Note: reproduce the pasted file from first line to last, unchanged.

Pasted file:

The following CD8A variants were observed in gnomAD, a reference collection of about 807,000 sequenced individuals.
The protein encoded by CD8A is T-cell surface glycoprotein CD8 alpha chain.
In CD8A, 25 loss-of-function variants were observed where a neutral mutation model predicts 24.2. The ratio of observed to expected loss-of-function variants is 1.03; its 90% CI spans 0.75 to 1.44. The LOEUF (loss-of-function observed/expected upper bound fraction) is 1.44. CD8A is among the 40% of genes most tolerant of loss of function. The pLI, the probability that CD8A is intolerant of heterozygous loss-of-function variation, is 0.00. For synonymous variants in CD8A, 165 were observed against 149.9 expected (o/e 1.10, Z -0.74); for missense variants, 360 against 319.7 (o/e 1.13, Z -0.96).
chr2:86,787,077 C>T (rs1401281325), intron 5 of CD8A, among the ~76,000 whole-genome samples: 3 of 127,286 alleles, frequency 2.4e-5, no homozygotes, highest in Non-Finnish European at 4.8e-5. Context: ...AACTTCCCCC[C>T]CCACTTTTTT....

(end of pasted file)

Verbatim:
The following CD8A variants were observed in gnomAD, a reference collection of about 807,000 sequenced individuals.
The protein encoded by CD8A is T-cell surface glycoprotein CD8 alpha chain.
In CD8A, 25 loss-of-function variants were observed where a neutral mutation model predicts 24.2. The ratio of observed to expected loss-of-function variants is 1.03; its 90% CI spans 0.75 to 1.44. The LOEUF (loss-of-function observed/expected upper bound fraction) is 1.44. CD8A is among the 40% of genes most tolerant of loss of function. The pLI, the probability that CD8A is intolerant of heterozygous loss-of-function variation, is 0.00. For synonymous variants in CD8A, 165 were observed against 149.9 expected (o/e 1.10, Z -0.74); for missense variants, 360 against 319.7 (o/e 1.13, Z -0.96).
chr2:86,787,077 C>T (rs1401281325), intron 5 of CD8A, among the ~76,000 whole-genome samples: 3 of 127,286 alleles, frequency 2.4e-5, no homozygotes, highest in Non-Finnish European at 4.8e-5. Context: ...AACTTCCCCC[C>T]CCACTTTTTT....